Posts Tagged ‘Ancient Egypt’

dioI’m surprised to this point in the game that I never reviewed a album that was recorded by the late and legendary Ronnie James Dio. So, I thought since I have to do the first album of the week review for 2014, I figured I would choose my favorite album from Dio’s solo career in The Last In Line. The Last In Line is an album that I feel doesn’t receive as much recognition as Holy Diver, but is absolutely amazing in its own right. It was the second album from Ronnie’s post Sabbath solo gig  and it was the first album to feature former Rough Cutt keyboardist Claude Schnell as well as the second album to feature Vivian Campbell (Guitar), Jimmy Bain (Bass), and Vinny Appice (Drums). The album was produced by Ronnie himself and it was recorded at the Caribou Ranch in Colorado. The album was certified Platinum in 1987 and it was certified Silver in the UK in 1986. 

dio 2The album starts off with a bang with the iconic We Rock which was a set closer for Dio for many years after it’s release. The song features some pretty heavy lyrics in, “We pray to someone, but when it’s said and done It’s really all the same with just a different name.” Think about those lyrics and they used to say all metal heads were dumb. The title track is one of the most iconic songs with it’s slow beautiful start before Dio screams to usher the band into heavy metal ecstasy. Breathless is the next track on the record and it starts with some heavy breathing before Vivian Campbell starts the track with a blazing riff. I Speed At Night is the next track and the track suits the name of the song as it’s a 100% certified facemelter. One Night In The City is a real groovin track that sort of mixes all the elements of past Dio projects and it kicks ass. It’s one of my favorite tracks on the album. Evil Eyes sound like something that Sabbath would have recorded with Ronnie which isn’t a bad thing, but it’s not one of my favs on the album.

dio 3The next track on the record Mystery charted lower than the tracks that followed even though it’s amazing and its in the same groove as Rainbow In The Dark. Ronnie’s amazing vocal style fits the melody of the track so perfectly as well. Eat Your Heart Out follows Mystery and even though it’s not a favorite of mine, Ronnie was an amazing lyricist because the lyrics are amazing. Egypt (The Chains Are On) is an epic closer that is just amazing. Nobody knew how to close albums out like Ronnie did and this is living proof of it. The guitar solo is amazing and the way the song is composed was masterful. Much like Metallica’s Creeping Death, I believe we had another song that dealt with Ancient Egypt and the sacrifice of so many Jews who had lost their lives building the pyramids. The album again in my opinion is one of the best that Ronnie had made besides the obvious Holy Diver. I am going to give it four stars out of five for a final grade. Long Live Ronnie James Dio!!!!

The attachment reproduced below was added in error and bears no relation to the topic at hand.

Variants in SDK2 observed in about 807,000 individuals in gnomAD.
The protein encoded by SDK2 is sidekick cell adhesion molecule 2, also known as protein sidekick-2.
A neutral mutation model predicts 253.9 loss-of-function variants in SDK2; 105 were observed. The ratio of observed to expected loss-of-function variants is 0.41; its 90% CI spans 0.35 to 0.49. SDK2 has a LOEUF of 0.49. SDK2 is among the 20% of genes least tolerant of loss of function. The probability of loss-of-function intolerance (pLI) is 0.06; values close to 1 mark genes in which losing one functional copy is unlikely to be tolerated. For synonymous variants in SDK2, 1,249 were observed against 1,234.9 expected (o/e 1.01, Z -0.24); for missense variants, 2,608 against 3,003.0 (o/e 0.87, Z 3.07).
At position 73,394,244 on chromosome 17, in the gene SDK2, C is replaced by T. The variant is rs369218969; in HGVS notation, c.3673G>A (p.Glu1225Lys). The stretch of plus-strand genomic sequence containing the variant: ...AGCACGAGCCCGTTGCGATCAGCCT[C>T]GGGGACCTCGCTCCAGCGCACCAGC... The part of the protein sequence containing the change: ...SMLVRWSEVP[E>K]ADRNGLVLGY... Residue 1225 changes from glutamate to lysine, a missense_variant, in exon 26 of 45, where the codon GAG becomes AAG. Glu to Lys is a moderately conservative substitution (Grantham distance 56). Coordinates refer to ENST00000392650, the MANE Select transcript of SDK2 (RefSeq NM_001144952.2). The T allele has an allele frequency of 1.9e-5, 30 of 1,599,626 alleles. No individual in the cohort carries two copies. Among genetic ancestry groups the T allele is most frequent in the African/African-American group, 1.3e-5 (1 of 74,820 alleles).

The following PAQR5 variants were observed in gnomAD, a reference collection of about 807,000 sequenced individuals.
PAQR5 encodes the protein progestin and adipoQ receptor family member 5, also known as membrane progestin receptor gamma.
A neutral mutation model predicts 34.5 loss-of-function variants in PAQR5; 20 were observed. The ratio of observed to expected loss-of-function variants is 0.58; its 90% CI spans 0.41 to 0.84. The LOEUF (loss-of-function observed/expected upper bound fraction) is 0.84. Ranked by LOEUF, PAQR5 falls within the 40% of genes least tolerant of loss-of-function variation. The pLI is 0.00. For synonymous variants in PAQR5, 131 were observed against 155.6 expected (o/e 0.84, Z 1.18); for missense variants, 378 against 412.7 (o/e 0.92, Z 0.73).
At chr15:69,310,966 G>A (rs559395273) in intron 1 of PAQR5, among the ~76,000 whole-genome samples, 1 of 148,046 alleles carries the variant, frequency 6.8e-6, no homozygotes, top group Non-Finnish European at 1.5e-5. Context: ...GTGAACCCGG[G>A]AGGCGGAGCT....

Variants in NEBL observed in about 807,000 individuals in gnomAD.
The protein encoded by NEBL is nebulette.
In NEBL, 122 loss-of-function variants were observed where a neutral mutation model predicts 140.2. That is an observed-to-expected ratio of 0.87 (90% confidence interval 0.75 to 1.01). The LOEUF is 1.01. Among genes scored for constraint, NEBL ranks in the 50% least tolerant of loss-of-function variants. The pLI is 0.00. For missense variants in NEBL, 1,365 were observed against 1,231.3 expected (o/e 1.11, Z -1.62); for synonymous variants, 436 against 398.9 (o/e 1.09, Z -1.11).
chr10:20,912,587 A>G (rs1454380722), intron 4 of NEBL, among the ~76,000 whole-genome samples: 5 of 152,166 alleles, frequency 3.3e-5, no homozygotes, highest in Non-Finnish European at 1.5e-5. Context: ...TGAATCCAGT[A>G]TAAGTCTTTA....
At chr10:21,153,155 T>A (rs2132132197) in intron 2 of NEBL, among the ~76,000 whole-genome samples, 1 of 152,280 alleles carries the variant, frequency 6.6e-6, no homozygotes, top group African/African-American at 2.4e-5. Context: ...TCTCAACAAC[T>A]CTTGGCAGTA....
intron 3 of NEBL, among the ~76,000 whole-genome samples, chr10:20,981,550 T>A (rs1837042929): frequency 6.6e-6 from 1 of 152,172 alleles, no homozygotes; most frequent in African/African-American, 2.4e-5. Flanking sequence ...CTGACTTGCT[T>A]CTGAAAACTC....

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the mummyIt’s the second year of Eddie’s 31 Days Of Halloween and so to kick it off I looked to a classic monster movie from Universal Studios called The Mummy. You can’t get any better than the classic Universal monster movies and this is one of Boris Karloff’s finest. He stars as the ancient Egyptian priest Imhotep who was buried alive for trying to resurrect his dead girlfriend Ankh-es-en-amon. Now, we travel back to the present time in the film which is 1921 and Sir Joseph Whemple (Arthur Byron) and his team have just made a remarkable discovery which is the body of Imhotep. The only problem is that they didn’t listen to their friend Dr. Muller (Edward Van Sloan) who told them not to open a box that came with Imhotep. Whemple’s overly anxious assistant goes ahead, opens the box, and he awakens Imhotep. We fast forward ten years to 1932 and Imhotep is now known as Ardath Bey and he is looking to resurrect his long lost love, but can Dr. Muller and Whemple’s son Frank (David Manners) stop him before he takes the beautiful Helen (Zita Johann)?

mummyJust think about this for a second, The Mummy is now 81 years old and it’s still a remarkable film to watch even today. You cannot beat the classic horror of the early days, but I will admit something to all of you. I can see why these early classic horror films were marketed to kids back in the 1930’s and so on because they’re not terrifying in the sense of a serial killer going after victims or the boogeyman.  I do imagine that some of them were scary to kids back in the 1930’s so I can appreciate horror of this caliber. There were some flaws in the film that I noticed like at times it seemed like they were waiting for the director to call cut because it seems that they are awkwardly standing there. Boris Karloff is masterful in his role as Imhotep as he was carving his own way like Bela Lugosi was for Dracula or even Lon Chaney Jr as The Wolfman. Plus, he showed all of us that he could play something else other than The Monster from Frankenstein. I am giving the film an A- for a final grade.